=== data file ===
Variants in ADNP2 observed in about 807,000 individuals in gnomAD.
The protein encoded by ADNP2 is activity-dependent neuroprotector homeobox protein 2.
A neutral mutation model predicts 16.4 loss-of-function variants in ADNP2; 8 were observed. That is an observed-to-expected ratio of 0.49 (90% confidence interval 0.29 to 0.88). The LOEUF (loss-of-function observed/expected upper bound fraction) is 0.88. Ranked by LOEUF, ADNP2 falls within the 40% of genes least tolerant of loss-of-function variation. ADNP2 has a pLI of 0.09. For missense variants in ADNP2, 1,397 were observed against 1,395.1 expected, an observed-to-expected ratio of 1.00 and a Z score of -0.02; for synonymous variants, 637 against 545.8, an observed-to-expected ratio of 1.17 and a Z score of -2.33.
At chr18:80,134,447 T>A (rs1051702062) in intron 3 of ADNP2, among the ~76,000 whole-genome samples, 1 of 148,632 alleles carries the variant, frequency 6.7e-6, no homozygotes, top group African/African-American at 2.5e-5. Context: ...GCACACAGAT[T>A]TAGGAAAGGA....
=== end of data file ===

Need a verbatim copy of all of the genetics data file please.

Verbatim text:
Variants in ADNP2 observed in about 807,000 individuals in gnomAD.
The protein encoded by ADNP2 is activity-dependent neuroprotector homeobox protein 2.
A neutral mutation model predicts 16.4 loss-of-function variants in ADNP2; 8 were observed. That is an observed-to-expected ratio of 0.49 (90% confidence interval 0.29 to 0.88). The LOEUF (loss-of-function observed/expected upper bound fraction) is 0.88. Ranked by LOEUF, ADNP2 falls within the 40% of genes least tolerant of loss-of-function variation. ADNP2 has a pLI of 0.09. For missense variants in ADNP2, 1,397 were observed against 1,395.1 expected, an observed-to-expected ratio of 1.00 and a Z score of -0.02; for synonymous variants, 637 against 545.8, an observed-to-expected ratio of 1.17 and a Z score of -2.33.
At chr18:80,134,447 T>A (rs1051702062) in intron 3 of ADNP2, among the ~76,000 whole-genome samples, 1 of 148,632 alleles carries the variant, frequency 6.7e-6, no homozygotes, top group African/African-American at 2.5e-5. Context: ...GCACACAGAT[T>A]TAGGAAAGGA....